Tell el Amarna 2017

November 30, 2017

Last month I spent in Egypt, working on The Amarna Project. This archaeological excavation is uncovering a cemetery from the site Tell el-Amarna, the place where pharaoh Akhenaten built his capital 3300 years ago.

 

 

The so-called North Tombs Cemetery (NTC, see image above for an impression of the location) that I worked on, is one of the six non-elite burial grounds in the wadis around Amarna. Here, 141 graves and 231 individuals have been recovered in the 2015 and 2017 excavation seasons. It is estimated that at least 3500 to even 5000 people may have been buried here. Many of these people were between the ages of 7 and 25 years old when they died.

 

Although the burials are very poor, with hardly any grave goods and wrapped in matting, a little less than a 100 of the individuals still had their hair preserved in the Egyptian dry desert sand. I have been studying the ancient hairstyles of these people in these past few weeks. The hair was carefully taken care of, the bodies often wrapped in linen for burial. It was apparently common to dress the hair of the young dead with small braids worn on both sides of the head.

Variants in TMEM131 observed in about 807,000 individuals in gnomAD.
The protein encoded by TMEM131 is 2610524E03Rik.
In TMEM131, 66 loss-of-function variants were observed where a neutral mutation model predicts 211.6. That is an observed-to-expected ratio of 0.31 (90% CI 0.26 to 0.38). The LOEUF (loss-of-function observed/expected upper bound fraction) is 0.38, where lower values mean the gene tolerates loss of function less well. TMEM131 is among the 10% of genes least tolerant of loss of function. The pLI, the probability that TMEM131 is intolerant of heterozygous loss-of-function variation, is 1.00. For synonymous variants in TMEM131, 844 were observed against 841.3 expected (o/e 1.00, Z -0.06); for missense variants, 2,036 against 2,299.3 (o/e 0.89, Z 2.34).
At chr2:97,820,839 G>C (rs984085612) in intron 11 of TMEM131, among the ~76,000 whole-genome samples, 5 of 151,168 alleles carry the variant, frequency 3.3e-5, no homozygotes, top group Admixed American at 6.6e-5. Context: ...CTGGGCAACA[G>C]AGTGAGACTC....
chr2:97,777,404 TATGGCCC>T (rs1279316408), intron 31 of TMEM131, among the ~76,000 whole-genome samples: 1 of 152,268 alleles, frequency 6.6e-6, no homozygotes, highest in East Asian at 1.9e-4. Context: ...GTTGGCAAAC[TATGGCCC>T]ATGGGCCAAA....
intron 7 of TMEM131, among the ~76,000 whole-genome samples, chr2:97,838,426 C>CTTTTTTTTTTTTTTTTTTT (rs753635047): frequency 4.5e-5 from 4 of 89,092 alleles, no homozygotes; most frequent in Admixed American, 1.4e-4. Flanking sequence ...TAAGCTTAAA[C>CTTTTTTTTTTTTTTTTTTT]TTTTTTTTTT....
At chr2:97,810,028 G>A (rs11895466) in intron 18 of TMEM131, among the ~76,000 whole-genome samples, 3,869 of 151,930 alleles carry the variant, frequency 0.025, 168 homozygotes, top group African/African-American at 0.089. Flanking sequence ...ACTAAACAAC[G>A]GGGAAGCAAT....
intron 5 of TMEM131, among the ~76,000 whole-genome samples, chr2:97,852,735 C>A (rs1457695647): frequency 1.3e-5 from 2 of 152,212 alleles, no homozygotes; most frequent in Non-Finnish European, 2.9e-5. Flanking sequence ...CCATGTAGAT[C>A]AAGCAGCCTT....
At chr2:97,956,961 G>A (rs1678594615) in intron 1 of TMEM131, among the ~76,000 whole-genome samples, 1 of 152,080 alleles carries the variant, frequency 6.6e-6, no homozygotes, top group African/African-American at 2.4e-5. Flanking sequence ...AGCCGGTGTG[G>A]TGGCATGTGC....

The analysis of the ancient hairstyles was not limited to this cemetery however. Also the so-called South Tombs Cemetery human hair remains have been studied in the past five seasons. Some information about the STC hair has been presented elsewhere in this website. It was a great opportunity to finally be able to compare two different cemeteries this season. The STC proved to be a much richer burial ground than the NTC. It is therefore possible that in the NTC a poorer class of Egyptian society was buried. And, in addition to their social status - reflected for instance by grave goods and the presence of hair extensions in the STC - in the NTC the relative young age of the individuals provided us with a unique, isolated sample of hairstyles in Egyptian society. The images in this blog, will hopefully give you an impression of the attention that was given to hairdressing for the afterlife.

 

 

 

 

 

 

 

 

 

 

 

 

 

Should you like to follow or support The Amarna Project, please visit the project's website, subscribe to the newsletter here or follow us on Facebook. Thank you!

 

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